Methane and Carbon Monoxide Production, Oxidation, and Turnover Times in the Caribbean Sea as Influenced by the Orinoco River
Date of Original Version
The surface distribution of CH4, photoproduction capacity of seawater for CO, and CH4 and CO microbial oxidation rates and turnover times were determined for the surface waters of the southeastern Caribbean Sea and Gulf of Paria as affected by the Orinoco River. Measurements were made during the spring (low fiver flow) and the fall (high fiver flow) in order to determine the influence of Orinoco River discharge on these parameters. Methane concentrations were generally lower in the fall than in the spring. Low CH4 oxidation rates and similar surface distributions were observed during both seasons. Methane oxidation in the fiver plume was significantly higher in the fall. Potential CO photoproduction and CO oxidation rates were generally higher during the fall. Possible effects of the Orinoco River on potential CO photoproduction capacity were observed as far as Puerto Rico. Turnover times for CH4 were in the order of years, whereas CO turnover times were in the order of hours. The Orinoco River has a significant impact on the consumption of CO and CH4 and the photoproduction of CO in the southeastern Caribbean Sea, presumably resulting from inputs of five fine carbon and nutrients.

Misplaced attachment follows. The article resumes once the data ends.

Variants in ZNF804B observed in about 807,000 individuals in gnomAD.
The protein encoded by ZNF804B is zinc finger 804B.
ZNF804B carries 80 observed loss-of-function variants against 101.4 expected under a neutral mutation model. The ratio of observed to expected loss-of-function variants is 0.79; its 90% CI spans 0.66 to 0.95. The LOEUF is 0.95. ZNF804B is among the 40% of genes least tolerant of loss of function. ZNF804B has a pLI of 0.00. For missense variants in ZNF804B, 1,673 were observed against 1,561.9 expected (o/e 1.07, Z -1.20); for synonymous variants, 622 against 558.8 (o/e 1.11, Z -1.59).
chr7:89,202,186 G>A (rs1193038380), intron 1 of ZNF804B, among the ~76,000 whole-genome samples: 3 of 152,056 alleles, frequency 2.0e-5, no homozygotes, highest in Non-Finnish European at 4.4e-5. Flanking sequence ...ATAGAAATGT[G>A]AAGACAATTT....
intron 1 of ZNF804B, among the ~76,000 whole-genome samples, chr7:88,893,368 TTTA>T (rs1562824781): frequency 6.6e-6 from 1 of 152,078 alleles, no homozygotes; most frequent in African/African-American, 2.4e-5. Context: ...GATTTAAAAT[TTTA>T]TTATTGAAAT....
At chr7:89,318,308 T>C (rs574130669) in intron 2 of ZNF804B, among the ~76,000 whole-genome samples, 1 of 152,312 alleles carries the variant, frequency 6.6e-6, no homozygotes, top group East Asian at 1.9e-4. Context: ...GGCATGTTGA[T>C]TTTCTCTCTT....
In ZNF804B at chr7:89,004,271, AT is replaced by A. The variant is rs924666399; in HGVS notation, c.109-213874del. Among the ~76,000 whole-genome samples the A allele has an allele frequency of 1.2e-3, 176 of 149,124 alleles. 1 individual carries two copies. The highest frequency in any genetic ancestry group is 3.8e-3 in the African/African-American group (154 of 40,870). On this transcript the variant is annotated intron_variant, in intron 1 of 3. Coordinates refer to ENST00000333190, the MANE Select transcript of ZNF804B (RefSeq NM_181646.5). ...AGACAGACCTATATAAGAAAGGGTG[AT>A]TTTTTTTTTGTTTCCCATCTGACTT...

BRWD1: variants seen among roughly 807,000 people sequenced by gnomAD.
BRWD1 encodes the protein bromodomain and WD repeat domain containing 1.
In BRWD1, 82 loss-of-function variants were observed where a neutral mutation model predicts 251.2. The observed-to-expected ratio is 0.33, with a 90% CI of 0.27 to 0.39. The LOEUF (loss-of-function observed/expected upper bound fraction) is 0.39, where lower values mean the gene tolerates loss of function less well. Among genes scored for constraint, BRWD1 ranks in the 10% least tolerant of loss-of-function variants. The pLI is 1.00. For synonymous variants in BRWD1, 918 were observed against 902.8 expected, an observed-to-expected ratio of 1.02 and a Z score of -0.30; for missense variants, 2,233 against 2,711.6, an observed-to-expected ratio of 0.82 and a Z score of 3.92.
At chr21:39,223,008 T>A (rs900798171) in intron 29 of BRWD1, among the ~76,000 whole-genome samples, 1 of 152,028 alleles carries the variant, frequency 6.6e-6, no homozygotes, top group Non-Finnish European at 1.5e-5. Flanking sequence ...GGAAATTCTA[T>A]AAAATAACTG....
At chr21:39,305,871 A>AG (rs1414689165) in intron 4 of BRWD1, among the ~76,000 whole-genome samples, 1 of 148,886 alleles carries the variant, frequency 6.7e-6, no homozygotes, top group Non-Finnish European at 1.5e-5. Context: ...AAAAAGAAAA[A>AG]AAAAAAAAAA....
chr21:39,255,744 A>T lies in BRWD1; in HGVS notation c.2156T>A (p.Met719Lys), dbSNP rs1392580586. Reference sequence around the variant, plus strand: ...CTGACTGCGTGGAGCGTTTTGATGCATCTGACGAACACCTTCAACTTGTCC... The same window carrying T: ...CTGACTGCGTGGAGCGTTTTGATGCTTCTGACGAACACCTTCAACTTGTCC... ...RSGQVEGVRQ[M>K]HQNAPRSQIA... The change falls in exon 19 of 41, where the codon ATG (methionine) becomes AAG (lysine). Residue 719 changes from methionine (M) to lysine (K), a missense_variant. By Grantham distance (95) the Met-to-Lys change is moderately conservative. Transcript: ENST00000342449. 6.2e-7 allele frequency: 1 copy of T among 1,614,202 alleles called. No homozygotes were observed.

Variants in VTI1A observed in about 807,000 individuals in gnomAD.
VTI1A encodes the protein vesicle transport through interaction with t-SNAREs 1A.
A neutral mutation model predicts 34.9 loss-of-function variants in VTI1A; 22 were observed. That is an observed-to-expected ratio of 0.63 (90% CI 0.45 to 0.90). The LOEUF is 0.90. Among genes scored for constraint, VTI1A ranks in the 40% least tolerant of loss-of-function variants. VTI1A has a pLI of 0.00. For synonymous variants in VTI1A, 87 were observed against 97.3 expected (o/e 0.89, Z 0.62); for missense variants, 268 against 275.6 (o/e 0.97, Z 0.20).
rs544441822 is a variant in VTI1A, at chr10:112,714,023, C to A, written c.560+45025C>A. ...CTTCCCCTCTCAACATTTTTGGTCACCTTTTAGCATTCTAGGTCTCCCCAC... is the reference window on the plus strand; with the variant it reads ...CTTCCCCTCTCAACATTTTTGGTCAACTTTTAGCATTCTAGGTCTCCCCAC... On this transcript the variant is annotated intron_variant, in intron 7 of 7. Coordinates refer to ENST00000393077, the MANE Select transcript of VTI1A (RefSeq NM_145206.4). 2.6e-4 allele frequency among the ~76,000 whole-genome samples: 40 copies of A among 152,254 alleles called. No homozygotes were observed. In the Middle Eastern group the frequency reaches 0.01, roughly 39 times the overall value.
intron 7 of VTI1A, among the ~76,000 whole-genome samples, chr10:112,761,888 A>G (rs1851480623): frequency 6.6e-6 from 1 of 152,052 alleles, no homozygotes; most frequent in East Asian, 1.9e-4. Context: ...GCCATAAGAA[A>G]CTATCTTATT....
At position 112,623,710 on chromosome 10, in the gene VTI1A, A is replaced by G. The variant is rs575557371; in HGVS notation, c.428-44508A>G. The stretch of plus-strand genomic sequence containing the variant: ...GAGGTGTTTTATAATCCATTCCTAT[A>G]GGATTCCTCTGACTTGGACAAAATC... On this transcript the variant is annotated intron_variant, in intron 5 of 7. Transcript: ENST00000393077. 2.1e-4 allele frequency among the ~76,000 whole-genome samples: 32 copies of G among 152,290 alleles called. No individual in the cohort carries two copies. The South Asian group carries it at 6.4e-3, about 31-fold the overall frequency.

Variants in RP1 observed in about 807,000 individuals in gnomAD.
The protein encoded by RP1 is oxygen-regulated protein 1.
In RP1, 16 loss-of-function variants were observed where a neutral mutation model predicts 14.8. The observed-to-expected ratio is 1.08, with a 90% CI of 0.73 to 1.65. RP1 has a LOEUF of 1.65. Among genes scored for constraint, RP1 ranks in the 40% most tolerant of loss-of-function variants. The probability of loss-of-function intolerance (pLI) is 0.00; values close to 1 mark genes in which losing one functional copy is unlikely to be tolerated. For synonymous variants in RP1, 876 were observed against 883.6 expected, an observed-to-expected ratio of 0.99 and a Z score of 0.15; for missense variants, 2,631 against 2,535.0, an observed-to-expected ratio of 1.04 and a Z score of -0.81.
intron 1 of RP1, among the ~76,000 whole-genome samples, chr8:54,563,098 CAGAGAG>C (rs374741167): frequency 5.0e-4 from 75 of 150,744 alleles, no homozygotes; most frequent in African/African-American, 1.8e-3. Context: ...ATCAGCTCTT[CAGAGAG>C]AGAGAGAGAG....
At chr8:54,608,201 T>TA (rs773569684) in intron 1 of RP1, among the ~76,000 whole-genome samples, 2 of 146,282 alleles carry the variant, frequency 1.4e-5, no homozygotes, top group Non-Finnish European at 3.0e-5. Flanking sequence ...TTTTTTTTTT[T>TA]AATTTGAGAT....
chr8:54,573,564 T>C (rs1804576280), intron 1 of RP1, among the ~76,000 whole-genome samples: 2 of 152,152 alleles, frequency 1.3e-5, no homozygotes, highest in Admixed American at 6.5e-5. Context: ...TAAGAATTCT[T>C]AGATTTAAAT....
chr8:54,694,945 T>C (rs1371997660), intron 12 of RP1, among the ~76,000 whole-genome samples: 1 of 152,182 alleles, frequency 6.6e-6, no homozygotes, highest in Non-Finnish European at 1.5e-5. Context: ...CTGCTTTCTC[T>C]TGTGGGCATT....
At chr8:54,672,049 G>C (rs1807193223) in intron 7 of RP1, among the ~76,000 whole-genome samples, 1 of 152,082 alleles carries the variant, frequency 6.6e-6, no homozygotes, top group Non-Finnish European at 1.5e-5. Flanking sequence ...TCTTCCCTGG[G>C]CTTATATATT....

Jones, R. D., and J. A. Amador (1993), Methane and carbon monoxide production, oxidation, and turnover times in the Caribbean Sea as influenced by the Orinoco River, J. Geophys. Res., 98(C2), 2353–2359, doi:10.1029/92JC02769.
Available at: http://dx.doi.org/10.1029/92JC02769
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An edited version of this paper was published by AGU. Copyfight 1993 by the American Geophysical Union.